The European Commission has called for a ban on cod fishing for the whole of next year off the west coast of Scotland and in the Irish Sea, in an attempt to replenish stocks.

The plan is part of proposed EU catch allowances unveiled yesterday which signal the start of intense haggling over quotas for fishing fleets in the run-up to a final deal in December.

The proposals include increased quotas in 2012 for nine stocks, including haddock, hake, herring, sole as well as cod in some areas, and reduced quotas for 53 stocks.

The package, including the planned freeze on the west of Scotland and Irish cod, amounts to an overall quota cut for all fish of 11 per cent compared with this year – the right level, said the Commission, to help stocks recover and ensure sustainable long-term fishing in Europe.

It includes a 25 per cent increase in the west coast haddock quota thanks to stock recovery, but the Scottish Fisheries Secretary, Richard Lochhead, attacked the rise as "meagre". He insisted the figure was far lower than scientific advice would allow. "Seeing the haddock stock recover to sustainable levels should be a cause for celebration, yet the proposals announced today will only punish the fishermen who have worked so hard on conservation.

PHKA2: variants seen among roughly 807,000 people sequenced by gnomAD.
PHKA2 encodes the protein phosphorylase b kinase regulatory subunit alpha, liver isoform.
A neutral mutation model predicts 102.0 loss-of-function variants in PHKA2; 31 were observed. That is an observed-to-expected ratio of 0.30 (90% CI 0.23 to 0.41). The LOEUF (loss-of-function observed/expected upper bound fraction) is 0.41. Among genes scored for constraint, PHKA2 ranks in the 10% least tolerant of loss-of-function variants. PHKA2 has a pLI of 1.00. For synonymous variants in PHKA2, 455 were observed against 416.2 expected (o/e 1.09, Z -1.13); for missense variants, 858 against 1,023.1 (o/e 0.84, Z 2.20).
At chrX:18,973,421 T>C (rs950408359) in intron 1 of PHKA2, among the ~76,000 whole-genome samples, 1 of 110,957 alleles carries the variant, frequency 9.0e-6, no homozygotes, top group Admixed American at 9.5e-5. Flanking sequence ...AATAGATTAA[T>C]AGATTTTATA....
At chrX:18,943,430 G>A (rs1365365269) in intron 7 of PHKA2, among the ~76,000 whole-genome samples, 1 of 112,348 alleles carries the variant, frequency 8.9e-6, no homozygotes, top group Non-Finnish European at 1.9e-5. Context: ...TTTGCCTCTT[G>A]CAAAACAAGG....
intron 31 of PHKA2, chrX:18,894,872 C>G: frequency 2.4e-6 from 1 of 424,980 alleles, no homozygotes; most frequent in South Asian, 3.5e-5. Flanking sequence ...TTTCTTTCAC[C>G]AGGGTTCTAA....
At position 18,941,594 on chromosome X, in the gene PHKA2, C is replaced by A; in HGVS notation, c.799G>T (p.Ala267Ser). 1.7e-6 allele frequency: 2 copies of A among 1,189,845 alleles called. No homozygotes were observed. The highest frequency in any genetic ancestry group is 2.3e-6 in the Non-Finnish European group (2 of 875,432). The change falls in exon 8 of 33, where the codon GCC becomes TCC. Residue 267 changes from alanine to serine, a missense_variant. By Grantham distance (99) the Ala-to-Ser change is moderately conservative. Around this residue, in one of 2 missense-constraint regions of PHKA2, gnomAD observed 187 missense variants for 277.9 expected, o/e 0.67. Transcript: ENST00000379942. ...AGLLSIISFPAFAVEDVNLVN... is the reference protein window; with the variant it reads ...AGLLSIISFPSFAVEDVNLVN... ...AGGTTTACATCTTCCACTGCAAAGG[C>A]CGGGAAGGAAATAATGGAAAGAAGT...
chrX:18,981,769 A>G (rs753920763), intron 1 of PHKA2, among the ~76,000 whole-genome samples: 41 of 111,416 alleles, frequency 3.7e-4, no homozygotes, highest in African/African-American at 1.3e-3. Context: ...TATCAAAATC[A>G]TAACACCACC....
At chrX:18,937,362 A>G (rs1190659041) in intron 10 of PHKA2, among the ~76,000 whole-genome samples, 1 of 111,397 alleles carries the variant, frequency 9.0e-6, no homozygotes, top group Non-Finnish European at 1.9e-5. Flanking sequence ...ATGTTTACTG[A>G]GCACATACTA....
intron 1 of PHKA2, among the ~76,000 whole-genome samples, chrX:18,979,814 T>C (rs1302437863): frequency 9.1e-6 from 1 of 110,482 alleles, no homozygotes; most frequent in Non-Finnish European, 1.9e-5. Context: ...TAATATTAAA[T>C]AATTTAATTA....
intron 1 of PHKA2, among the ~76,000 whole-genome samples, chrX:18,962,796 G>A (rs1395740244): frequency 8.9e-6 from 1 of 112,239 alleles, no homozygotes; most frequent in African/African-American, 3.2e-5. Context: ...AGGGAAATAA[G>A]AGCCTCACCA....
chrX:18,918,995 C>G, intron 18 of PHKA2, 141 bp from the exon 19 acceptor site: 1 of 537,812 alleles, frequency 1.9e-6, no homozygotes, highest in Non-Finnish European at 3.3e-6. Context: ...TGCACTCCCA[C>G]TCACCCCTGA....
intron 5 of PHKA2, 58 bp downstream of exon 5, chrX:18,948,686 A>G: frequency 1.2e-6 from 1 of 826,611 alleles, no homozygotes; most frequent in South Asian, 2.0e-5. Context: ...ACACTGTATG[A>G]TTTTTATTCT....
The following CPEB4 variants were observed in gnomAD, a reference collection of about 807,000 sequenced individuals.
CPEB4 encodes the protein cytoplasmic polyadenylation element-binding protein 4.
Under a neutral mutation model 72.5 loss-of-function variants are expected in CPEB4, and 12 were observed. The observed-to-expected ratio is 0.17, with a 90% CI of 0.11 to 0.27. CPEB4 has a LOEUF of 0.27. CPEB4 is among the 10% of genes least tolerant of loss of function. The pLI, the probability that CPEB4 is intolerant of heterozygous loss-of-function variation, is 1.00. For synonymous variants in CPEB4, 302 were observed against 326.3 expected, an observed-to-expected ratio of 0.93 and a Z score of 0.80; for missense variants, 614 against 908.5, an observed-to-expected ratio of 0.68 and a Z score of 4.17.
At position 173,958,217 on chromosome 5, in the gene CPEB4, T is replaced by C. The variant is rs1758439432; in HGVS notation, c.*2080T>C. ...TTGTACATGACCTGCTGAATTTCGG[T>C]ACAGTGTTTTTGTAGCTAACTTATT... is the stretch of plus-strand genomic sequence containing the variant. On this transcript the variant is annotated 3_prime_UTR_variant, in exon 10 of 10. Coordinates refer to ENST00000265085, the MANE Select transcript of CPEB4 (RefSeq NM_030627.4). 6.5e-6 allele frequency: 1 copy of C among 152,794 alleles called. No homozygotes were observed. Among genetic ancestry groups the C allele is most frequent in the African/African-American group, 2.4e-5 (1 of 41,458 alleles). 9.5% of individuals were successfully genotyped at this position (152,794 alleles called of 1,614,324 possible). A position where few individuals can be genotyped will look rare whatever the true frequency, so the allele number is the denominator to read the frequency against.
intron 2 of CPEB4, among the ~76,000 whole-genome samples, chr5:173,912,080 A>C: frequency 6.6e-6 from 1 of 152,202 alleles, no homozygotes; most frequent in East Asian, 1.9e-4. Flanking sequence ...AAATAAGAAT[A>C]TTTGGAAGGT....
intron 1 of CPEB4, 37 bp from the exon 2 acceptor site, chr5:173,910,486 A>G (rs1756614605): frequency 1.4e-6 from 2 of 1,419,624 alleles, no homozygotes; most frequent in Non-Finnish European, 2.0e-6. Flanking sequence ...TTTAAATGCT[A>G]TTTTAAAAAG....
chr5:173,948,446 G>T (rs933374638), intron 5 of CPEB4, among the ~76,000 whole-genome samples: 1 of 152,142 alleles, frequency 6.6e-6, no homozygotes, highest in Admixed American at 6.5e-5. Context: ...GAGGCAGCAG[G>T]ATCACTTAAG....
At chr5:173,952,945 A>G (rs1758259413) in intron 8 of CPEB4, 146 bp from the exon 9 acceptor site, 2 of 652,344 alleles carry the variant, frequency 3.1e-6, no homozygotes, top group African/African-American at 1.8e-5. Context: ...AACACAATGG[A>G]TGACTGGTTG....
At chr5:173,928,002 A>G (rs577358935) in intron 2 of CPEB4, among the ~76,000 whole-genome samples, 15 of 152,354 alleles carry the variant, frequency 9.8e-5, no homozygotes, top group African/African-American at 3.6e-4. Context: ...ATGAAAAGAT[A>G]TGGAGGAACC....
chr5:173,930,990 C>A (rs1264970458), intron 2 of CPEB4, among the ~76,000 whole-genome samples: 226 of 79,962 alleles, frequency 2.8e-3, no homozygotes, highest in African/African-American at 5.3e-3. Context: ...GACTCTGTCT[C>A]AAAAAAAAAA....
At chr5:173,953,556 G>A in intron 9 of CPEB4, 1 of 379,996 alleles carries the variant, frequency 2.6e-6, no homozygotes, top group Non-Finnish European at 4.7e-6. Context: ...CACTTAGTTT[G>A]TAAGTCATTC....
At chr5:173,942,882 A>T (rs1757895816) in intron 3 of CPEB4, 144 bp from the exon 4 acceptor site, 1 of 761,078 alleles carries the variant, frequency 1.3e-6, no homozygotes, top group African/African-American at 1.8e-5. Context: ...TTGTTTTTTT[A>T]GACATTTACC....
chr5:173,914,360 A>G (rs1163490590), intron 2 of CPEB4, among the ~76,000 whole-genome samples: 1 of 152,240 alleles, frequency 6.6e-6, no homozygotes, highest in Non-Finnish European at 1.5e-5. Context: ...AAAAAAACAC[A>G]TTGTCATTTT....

"Not only does this penalise our fishermen unnecessarily, but it could also lead to an increase in discarded fish – something both we and the Commission have been working hard to reduce."

In June, the Commission unveiled long-term plans to ban the "discard" practice – the dumping of dead fish back in the sea – as part of a major reform of the Common Fisheries Policy.

The discards issue has been publicised across the UK by celebrity chef Hugh Fearnley-Whittingstall, whose "Hugh's Fish Fight" campaign has been endorsed by such celebrities as Richard Branson, Stephen Fry and Ricky Gervais.

Richard Benyon, the Fisheries minister, said: "Today's proposals make clear the urgent need to radically reform the Common Fisheries Policy."